SAVING

THE ‘ŌHI‘A

Drone images reveal 'ōhi'a trees sickened by invasive fungi (red) or already killed (gray).

Timo Sullivan, SDAV Lab, University of Hawaii in Hilo

Fears lessen that invasive fungi will completely wipe out Hawaii's iconic native tree

Hawaii's red-blossomed 'ōhi'a is tough enough to colonize recent lava flows, but until this summer the iconic native tree seemed doomed. Four years ago, an invasive fungus began to kill 'ōhi'a (Metrosideros polymorpha) on the island of Hawaii; by now, the blight has spread across 800 square kilometers. The news got worse in May, when dying trees tested positive for the fungus on the neighboring island of Kauai, fueling fears that rapid 'ōhi'a death (ROD) would span the state.

But the picture brightened at a meeting on Oahu late last month. Aerial surveys and studies on land and in the lab now suggest that some 'ōhi'a will survive. The killer fungus turns out to be two distantly related species, one of them less deadly to 'ōhi'a, and some trees seem to have a native resistance to both strains. Management practices such as fencing out animals also appear to slow the spread of the fungus. "We are not going to see an extinction of 'ōhi'a," predicts Flint Hughes of the U.S. Forest Service's Pacific Southwest Research Station in Hilo, who is coordinating ROD research. "As we understand it more, our management tools are improving and we are learning about the potential weak points of the fungus and the strengths of 'ōhi'a."

At the annual Hawaiian Conservation Conference in Honolulu from 24 to 26 July, Lisa Keith, a research plant pathologist with the U.S. Department of Agriculture's Agricultural Research Service in Hilo, described key differences between the two 'ōhi'a killers: Ceratocystis lukuohia, which slays trees in weeks by clogging their circulatory systems, and C. huliohia, which causes canker sores and seems less deadly. Related fungi cause rot in sweet potatoes and pineapples, and affect cacao and mango trees, among other plants. Keith's genetic studies determined that the 'ōhi'a's deadlier foe comes from Latin America, whereas the less aggressive fungus, which is infecting trees on Kauai, may have been imported from Asia or Australia.

Some trees are also more resilient, Keith and her colleagues found when they infected each of Hawaii island's five varieties of 'ōhi'a with the two fungi. "There's definitely variability" in how the seedlings respond, she says, with some still alive after 1.5 years, even after being infected with the deadlier species.

Aerial drone surveys confirm the lab findings. For the past several years, Ryan Perroy and Timo Sullivan from the University of Hawaii (UH) in Hilo have flown cameras above the treetops in four 40-hectare sites on the island. The progress of the disease is easy to track in the drone images: Affected trees turn dark red, then silvery gray as they die. At two of the sites, Sullivan reported at the meeting, ROD's spread has greatly slowed, and the number of infected trees has hovered between 30% and 40%, compared with nearly 100% in the initial outbreak.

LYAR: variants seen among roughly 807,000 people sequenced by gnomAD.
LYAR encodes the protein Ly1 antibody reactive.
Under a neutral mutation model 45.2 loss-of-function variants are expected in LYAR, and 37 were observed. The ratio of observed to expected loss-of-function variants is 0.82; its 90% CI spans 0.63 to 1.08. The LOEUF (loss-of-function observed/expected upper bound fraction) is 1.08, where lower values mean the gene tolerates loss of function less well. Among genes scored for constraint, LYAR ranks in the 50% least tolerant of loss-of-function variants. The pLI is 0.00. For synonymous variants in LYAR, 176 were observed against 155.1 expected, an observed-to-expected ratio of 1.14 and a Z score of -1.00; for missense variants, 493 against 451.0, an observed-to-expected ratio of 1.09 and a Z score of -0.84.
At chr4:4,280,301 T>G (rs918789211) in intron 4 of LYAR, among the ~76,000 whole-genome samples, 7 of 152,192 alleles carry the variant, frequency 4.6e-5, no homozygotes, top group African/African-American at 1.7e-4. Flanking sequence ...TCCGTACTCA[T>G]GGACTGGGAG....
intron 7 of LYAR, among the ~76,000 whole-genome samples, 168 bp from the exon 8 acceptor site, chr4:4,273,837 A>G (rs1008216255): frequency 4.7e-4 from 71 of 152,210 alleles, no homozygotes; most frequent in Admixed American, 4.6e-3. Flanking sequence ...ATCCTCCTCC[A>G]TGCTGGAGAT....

'Ōhi'a are tough enough to thrive on new lava but can be downed by invasive fungi.

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Larger trees seem most susceptible, possibly because they are more injury-prone and provide a greater target for windborne saw-dust carrying the pathogens. In addition, Sullivan says, "Fences appear to make a difference," with more trees surviving in enclosed areas. Because the fungi seem to infect only wounded trees—such as those on which animals have rubbed, munched, or rooted around the base—those behind fences are less vulnerable, he suggests.

Gregory Asner, an ecologist with the Carnegie Institution for Science in Palo Alto, California, has seen the same pattern in aircraft surveys of Hawaii island. He detects early signs of the blight with an onboard spectrometer sensitive to changes in 'ōhi'a leaf water, sugars, and defensive chemical content. By overlaying those data on land-use maps, Asner says he, too, has turned up "some really strong evidence that feral animals are spreading the fungus," again by wounding trees and making them more susceptible to infection. Domestic livestock can also do damage. Studies on the ground provide further support: Hughes's team set up 200 0.1-hectare plots across the island of Hawaii, fenced and unfenced, and found the protected trees were healthier. "Knowing that fences can have a very positive impact is very exciting," he says.

Ironically, another Hawaiian icon—the Kilauea volcano—may aid the 'ōhi'a. The fungus has done the most damage in the Puna district of the island of Hawaii. That area happens to be where this spring lava began spewing out of a giant fissure, destroying hundreds of homes. "It's absolutely terrible," says Rebecca Ostertag, a tropical forest ecologist at UH. "But there is a small sliver of a silver lining." In many areas devastated by ROD, foresters are worried 'ōhi'a won't be able to return because fast-growing invasive trees, such as strawberry guava, will crowd them out. But that won't happen on Puna's fresh lava fields. 'Ōhi'a is always the first—and often, the only—tree to get a foothold in such landscapes. So, Hughes says, "Those new lava flows will give 'ōhi'a a chance to recover."